noun, plural trous-de-loup [trood-l-oo] /ˌtrud lˈu/. Military.
a conical or pyramidal pit with a pointed stake fixed vertically in the center, rows of which are dug in front of a fortification to hinder an enemy's approach, formerly used chiefly against cavalry.
Origin of trou-de-loup
1780–90; < French: literally, wolf hole
Dictionary.com Unabridged Based on the Random House Unabridged Dictionary, © Random House, Inc. 2019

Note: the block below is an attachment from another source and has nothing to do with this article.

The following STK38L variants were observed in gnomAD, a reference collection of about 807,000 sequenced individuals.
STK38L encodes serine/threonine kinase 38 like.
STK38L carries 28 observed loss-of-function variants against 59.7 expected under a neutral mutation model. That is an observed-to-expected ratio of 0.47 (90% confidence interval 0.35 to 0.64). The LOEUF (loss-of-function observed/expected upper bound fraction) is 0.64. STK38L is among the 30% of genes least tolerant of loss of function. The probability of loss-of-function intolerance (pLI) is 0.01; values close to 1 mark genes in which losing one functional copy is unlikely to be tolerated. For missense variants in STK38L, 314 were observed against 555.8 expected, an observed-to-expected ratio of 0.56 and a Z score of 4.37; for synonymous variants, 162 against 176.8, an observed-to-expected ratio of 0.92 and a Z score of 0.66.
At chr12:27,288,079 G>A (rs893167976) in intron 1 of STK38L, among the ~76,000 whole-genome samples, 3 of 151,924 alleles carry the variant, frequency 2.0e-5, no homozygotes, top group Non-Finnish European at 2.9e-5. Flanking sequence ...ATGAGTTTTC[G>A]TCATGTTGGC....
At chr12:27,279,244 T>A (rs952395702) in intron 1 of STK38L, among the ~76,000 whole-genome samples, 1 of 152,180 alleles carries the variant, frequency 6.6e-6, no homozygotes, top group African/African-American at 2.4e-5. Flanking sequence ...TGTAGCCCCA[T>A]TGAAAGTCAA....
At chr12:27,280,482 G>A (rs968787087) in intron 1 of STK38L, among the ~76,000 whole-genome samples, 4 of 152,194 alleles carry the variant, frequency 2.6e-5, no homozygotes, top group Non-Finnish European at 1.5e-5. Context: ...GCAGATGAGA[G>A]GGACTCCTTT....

Examples from the Web for trous-de-loup
Historical Examples of trous-de-loup
Beyond the two ditches, were trous-de-loup, or wolf-traps, from twenty to seventy feet apart.Cuba
Arthur D. Hall
noun plural trous-de-loup (ˌtruːdəˈluː)
military any of a series of conical-shaped pits with a stake fixed in the centre, formerly used as protection against enemy cavalry
Word Origin for trous-de-loup
C18: from French, literally: wolf's holes
Collins English Dictionary - Complete & Unabridged 2012 Digital Edition © William Collins Sons & Co. Ltd. 1979, 1986 © HarperCollins Publishers 1998, 2000, 2003, 2005, 2006, 2007, 2009, 2012